In many religious traditions, queer bodies are policed and punished instead of celebrated and sanctified. In the mainstream religious imagination, we are simply cautionary tales. Some queer spiritual leaders believe that changing the narrative around queer spirituality is part of reconciling our religious experience. “A big part of my work right now is telling spiritual stories — my own and those in the community,” says Caitlin Breedlove, vice president of movement leadership at Auburn Seminary in Phoenix. Queer spirituality, Breedlove reminds us, is not new. “There are ancient ways of understanding spirituality and our spiritual connection that predate monotheism and contemporary white supremacy and capitalism.”
Centering stories instead of antiquated patriarchal lore serves queer people. It engages spiritually minded queers in more expansive ideas rooted in the world and community. “Many are yearning to know more,” she says.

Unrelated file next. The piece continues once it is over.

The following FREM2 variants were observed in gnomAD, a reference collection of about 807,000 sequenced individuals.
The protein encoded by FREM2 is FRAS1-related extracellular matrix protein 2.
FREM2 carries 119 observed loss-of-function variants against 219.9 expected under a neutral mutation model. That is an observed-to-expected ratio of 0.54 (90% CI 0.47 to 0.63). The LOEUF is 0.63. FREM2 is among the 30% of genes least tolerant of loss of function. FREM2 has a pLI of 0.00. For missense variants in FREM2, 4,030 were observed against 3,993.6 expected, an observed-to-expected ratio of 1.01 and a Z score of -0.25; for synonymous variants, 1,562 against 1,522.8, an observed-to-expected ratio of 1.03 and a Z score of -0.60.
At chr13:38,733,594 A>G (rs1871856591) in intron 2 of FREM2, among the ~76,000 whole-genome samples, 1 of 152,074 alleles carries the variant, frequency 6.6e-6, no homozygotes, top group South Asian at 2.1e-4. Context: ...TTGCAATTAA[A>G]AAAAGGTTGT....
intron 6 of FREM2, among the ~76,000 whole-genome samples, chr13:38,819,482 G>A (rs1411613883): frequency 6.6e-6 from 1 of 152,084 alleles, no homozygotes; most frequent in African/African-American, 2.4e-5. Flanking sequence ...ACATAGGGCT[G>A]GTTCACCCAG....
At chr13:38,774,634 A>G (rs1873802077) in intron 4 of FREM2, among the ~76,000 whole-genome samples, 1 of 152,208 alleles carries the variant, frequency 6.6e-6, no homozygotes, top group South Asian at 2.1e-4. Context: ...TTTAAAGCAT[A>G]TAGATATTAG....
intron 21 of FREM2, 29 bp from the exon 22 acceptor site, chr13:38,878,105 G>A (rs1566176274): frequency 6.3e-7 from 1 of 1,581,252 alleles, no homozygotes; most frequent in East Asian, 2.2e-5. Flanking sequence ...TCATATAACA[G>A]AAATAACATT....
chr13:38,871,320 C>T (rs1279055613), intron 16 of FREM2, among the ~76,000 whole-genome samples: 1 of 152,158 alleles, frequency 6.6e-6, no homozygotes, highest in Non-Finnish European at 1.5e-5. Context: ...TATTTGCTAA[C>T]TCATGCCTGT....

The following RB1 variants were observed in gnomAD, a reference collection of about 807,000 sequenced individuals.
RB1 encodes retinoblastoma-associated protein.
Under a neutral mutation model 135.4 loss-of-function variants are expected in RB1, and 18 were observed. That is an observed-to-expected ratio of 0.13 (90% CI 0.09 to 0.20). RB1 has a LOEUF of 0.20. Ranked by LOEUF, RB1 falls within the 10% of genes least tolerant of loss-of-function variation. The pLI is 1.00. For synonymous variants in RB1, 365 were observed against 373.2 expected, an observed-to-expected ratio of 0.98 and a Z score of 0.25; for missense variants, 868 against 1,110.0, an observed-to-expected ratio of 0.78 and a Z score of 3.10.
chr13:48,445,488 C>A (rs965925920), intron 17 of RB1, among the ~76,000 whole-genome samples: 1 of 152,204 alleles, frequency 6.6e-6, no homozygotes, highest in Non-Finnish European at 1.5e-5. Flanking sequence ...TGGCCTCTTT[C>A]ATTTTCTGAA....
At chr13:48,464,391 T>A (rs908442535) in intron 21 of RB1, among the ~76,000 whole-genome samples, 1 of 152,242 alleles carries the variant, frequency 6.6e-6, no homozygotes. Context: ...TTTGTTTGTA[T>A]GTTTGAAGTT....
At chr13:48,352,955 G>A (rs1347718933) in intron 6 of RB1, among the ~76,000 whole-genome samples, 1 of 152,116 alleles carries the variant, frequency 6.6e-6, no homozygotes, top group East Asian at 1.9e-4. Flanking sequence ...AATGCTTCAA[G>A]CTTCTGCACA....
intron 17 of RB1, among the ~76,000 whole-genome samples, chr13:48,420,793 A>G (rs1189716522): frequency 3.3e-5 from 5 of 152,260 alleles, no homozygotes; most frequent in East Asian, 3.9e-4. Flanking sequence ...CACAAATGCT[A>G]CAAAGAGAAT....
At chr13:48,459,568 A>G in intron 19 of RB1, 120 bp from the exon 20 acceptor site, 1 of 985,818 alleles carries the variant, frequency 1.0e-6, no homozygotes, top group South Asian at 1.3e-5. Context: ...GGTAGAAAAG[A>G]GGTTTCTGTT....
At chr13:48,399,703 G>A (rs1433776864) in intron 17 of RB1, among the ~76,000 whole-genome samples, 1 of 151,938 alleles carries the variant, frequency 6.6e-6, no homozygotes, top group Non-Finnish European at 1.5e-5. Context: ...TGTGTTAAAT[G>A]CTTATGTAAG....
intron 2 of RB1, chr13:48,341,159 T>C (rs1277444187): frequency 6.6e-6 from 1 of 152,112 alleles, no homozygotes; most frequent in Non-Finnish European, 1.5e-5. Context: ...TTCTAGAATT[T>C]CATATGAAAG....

Breedlove sees a change in spiritual spaces. She believes more is possible and necessary, as many traditional faith organizations are at least somewhat accepting of queerness. “I would love to see the boldest theologies right now.”
A more radical queer spiritual future is what Breedlove is conceptualizing — one that requires our active participation. “We are still conforming our theology to outdated shapes, patterns and stories. We require the ancient, and we require the new in our theology.” Breedlove believes queer theology would come primarily from Indigenous wisdom, Black liberation teachings, communally queer understandings and spiritual knowledge that comes from the margins. Our queer spiritual work is also sociopolitical work.
Queer spiritual spaces that center on ideas of inclusivity often end up evolving communities in unexpected ways. An online community space called enfleshed started to fill a need for queer Christians but has ended up serving people of many faiths and practices. “We began enfleshed solidly on the fringes of the Christian tradition but have evolved into some broader directions,” says Rev. M Jade Kaiser, director of enfleshed in Iowa.